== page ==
Pub. Date: January 12, 2016
Source: finished copy via publisher (Thank you, Thomas Dunne Books!)
Summary: Manchester 1787. When budding young criminal Mary Jebb swindles Michael Croxon’s brother with a blank pound note, he chases her into the night and sets in motion a train of sinister events. Condemned to seven years of transportation to Australia, Mary sends him a ‘Penny Heart’-a token of her vow of revenge.
Two years later, Michael marries naïve young Grace Moore. Although initially overjoyed at the union, Grace quickly realizes that her husband is more interested in her fortune than her company. Lonely and desperate for companionship, she turns to her new cook to help mend her ailing marriage. But Mary Jebb, shipwrecked, maltreated, and recently hired, has different plans for the unsuspecting owners of Delafosse Hall.
Genre: Historical Fiction
What starts as a simple con turns into a revenge-fueled journey ‘cross years and continents. Mary Jebb is a petty criminal, never thinking twice about dipping a hand into a stranger’s pocket. When two fine young (aka very wealthy) gentlemen happen upon her, Mary knows this is her moment, her chance to really score. And she nearly does it, nearly gets away before the blank pound note is discovered. Apprehended, Mary is sentenced to death – by hanging.
A few years later, Michael Croxon is set to wed innocent, shy Grace. It soon becomes apparent that Michael is more interested in her vast land and hefty inheritance. Distraught and lonely, Grace finds a soothing shoulder in the Croxon’s newly hired cook, Peg. Peg, however, has plans of her own and, after years of waiting, she is ready to make good on a promise to Michael Croxon.
A Taste for Nightshade is a book that, on the surface, sounds perfect for me: 1700s England, a female criminal hellbent on revenge, recipes. Its execution, however, fell short. I haven’t yet read Martine’s debut, An Appetite for Violets, but early reviews mention it is the stronger of the two, and therein lies my first issue with A Taste for Nightshade: the recipes. Shocking, right? As someone who’s a huge fan of cozy mysteries, a book that includes recipes should be totally up my alley! Whereas Violets has a reason for including recipes (the main character is a cook) in Nightshade the inclusion is simply confusing. After each chapter – regardless of whether it’s one of Peg’s or not – a quick instruction is given. These recipes add absolutely nothing to the story and the few meals that are mentioned are only done so in passing. To be honest, halfway through I began skipping them altogether.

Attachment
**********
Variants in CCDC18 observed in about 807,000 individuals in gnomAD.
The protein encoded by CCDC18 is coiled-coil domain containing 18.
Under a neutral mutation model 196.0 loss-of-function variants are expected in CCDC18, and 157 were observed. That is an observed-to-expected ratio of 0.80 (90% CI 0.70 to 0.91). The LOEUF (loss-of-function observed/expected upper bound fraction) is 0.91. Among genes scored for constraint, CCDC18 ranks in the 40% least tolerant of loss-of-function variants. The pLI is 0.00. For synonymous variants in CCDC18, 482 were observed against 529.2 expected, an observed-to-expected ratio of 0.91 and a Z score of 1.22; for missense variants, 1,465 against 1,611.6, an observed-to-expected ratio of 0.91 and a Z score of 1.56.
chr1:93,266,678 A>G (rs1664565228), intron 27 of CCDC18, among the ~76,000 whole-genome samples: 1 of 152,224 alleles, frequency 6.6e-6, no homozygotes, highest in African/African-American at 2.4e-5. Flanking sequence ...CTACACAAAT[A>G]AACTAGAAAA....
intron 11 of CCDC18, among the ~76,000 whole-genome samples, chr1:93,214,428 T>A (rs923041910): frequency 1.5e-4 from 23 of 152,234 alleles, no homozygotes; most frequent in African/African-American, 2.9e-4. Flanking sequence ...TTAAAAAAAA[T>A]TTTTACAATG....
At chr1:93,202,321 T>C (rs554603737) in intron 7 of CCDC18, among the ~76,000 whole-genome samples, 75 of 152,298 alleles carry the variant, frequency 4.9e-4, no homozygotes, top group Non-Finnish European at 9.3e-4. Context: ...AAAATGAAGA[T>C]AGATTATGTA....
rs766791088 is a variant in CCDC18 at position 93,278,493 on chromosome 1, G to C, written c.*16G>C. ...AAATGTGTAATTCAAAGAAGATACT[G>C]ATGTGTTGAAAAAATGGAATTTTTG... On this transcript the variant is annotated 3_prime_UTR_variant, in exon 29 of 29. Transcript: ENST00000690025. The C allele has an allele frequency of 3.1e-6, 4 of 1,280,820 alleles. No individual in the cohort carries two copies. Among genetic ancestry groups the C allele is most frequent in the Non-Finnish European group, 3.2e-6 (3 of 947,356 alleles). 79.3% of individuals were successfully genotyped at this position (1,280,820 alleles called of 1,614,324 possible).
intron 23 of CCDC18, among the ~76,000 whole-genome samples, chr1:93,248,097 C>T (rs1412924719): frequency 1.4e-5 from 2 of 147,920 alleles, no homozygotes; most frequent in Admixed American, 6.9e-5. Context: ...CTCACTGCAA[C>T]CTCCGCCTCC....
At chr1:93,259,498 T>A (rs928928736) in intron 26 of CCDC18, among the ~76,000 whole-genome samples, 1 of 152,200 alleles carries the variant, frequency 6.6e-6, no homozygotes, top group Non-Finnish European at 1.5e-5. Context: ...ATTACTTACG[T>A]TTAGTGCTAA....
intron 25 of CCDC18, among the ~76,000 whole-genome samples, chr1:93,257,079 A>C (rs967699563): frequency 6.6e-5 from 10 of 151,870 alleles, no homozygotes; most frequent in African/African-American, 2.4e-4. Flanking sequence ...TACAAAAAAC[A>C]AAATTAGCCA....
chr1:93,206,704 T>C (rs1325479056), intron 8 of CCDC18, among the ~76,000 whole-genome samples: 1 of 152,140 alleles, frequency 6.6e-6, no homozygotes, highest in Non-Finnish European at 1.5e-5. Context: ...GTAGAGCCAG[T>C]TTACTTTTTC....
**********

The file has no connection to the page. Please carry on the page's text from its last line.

My other issue is with the story itself. When I actually put my mind to it and sat down, I had no problem churning through massive chunks (I ended up reading the last 300 pages in one go.) That said, it was hard to actually bring myself to that point. When a book is easy to ignore you know that’s not a good thing. It took me an entire week to get through the first 150 pages before I decided to finally finish it. Martine’s writing is stunning and gave a wonderful sense of place to an otherwise lackluster tale. The downfall was the pace. There was simply too much she seemed to want to fit into these pages and it all felt a bit rushed. I never truly understood several characters’ motivations and actions – there wasn’t enough time devoted to fully telling their story.
Books so firmly in that grey middle area of decent are the hardest for me to discuss and I’ve held off on reviewing this one for that very reason. I just don’t have anything to say and what I have said has only been after grasping at the oh so weak opinions I managed to form. Yes, I was easily able to walk away from or altogether ignore this book. Yes, when I actually did sit down I found myself enjoying the story. That said, there were some problems that kept me from really getting into this book and investing in the lives of these characters. A Taste for Nightshade was just okay and that’s so disappointing to me.